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vaccine consent

Vaccine consent for minors — Federal judge puts DC law on hold

This article about a DC law that allowed vaccine consent for minors was written by Dorit Rubinstein Reiss, Professor of Law at the University of California Hastings College of the Law (San Francisco, CA), who is a frequent contributor to this and many other blogs, providing in-depth, and intellectually stimulating, articles about vaccines, medical issues, social policy, and the law.

Professor Reiss writes extensively in law journals about the social and legal policies of vaccination. Additionally, Reiss is also a member of the Parent Advisory Board of Voices for Vaccines, a parent-led organization that supports and advocates for on-time vaccination and the reduction of vaccine-preventable diseases. She is also a member of the Vaccines Working Group on Ethics and Policy.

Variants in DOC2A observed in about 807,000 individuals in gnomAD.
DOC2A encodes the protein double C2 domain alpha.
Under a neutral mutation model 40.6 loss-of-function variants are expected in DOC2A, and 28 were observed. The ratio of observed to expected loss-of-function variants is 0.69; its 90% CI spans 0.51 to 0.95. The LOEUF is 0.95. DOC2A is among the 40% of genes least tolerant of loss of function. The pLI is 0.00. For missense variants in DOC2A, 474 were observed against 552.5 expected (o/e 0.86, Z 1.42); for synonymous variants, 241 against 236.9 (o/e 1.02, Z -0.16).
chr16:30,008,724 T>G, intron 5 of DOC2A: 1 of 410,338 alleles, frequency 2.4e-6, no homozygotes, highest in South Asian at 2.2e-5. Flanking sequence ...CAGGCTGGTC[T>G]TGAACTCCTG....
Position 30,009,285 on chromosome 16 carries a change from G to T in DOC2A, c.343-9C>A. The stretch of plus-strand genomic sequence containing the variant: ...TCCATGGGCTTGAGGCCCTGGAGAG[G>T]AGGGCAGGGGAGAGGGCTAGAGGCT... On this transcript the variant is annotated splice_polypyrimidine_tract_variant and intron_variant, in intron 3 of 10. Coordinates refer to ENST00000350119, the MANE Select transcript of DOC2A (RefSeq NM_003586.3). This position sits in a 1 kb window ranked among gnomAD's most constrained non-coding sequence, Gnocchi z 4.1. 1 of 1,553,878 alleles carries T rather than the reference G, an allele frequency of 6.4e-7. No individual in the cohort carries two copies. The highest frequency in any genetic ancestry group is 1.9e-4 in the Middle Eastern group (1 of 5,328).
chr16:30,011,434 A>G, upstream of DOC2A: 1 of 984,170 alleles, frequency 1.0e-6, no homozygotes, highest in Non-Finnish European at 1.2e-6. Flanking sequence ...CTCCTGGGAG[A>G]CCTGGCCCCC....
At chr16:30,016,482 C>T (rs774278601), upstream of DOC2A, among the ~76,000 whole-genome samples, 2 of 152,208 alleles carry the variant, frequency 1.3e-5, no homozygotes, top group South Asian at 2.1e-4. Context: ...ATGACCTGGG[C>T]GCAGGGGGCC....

On March 18, 2022, a federal district judge — Judge Trevor N. McFadden — issued a preliminary injunction, that is, an order putting on hold DC’s law allowing minors to consent to a vaccine. The judge did it based on a flawed reading of the federal law the National Childhood Vaccine Injury Act (NCVIA), and although the federal law the judge was interpreted was passed at a time when multiple states allowed minors to consent to medical treatments, including vaccines, and the law nowhere indicated that it intended to deny states the power to allow minors to do that.

In doing so, the judge helped anti-vaccine activists reduce the choices available to teens in DC, and barred teens from being able to protect themselves from disease, putting them at risk with no real benefit (except to anti-vaccine activists who could use the decision to claim a win, and who quickly turned it to increase fundraising).

If the decision is not overturned on appeal and other judges follow this very flawed reasoning, other minor consent laws – many of them longstanding – could be put at risk. 

Read More »Vaccine consent for minors — Federal judge puts DC law on hold
national vaccine injury compensation program

National Vaccine Injury Compensation Program facts